How to Identify Pipelines
Pipelines are usually buried underground. The pipeline right-of-way is the land over the pipeline, usually 25 feet from each side of each pipeline.
Pipeline markers show the general, not the exact, location of a pipeline. They do not show how deep the pipeline is buried or how many lines are in the area. Pipelines may not follow a straight course between markers. Emergency contact information is listed on each pipeline marker.
- Do not disturb the markers. Willful removal or damage of the markers is a federal offense and subject to a fine or imprisonment.
- Never rely only on the presence or absence of pipeline markers. Someone may have moved or removed the marker.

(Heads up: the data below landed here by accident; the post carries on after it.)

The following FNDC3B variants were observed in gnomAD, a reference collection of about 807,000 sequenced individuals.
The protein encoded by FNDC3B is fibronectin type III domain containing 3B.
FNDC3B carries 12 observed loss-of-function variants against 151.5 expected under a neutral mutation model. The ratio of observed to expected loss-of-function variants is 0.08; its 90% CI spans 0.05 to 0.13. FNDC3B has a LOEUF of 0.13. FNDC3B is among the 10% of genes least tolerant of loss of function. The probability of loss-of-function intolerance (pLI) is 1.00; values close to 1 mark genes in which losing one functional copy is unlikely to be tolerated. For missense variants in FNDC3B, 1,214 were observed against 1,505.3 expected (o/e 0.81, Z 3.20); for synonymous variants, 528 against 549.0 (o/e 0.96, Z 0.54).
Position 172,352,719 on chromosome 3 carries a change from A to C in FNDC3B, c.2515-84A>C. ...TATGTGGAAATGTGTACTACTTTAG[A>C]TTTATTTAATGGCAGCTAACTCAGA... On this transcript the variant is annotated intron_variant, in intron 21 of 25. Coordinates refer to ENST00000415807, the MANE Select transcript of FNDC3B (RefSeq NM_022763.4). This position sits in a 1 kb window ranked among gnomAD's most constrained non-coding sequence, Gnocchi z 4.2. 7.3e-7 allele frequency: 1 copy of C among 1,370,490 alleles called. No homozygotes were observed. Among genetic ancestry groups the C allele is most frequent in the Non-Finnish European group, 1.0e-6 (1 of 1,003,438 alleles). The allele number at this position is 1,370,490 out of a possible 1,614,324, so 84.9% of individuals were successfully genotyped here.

- Do not dig on the rights-of-way unless you have notified Explorer Pipeline.
- Do not plant trees or tall shrubs and do not build permanent structures on the rights-of-ways, so that pipeline rights-of-way can be properly maintained.
Explorer Pipelines markers are easy to spot—just look for the black, yellow, and white signs.
To see Explorer Pipeline assets in your area visit the National Pipeline Mapping System at NPMS Public Viewer (dot.gov)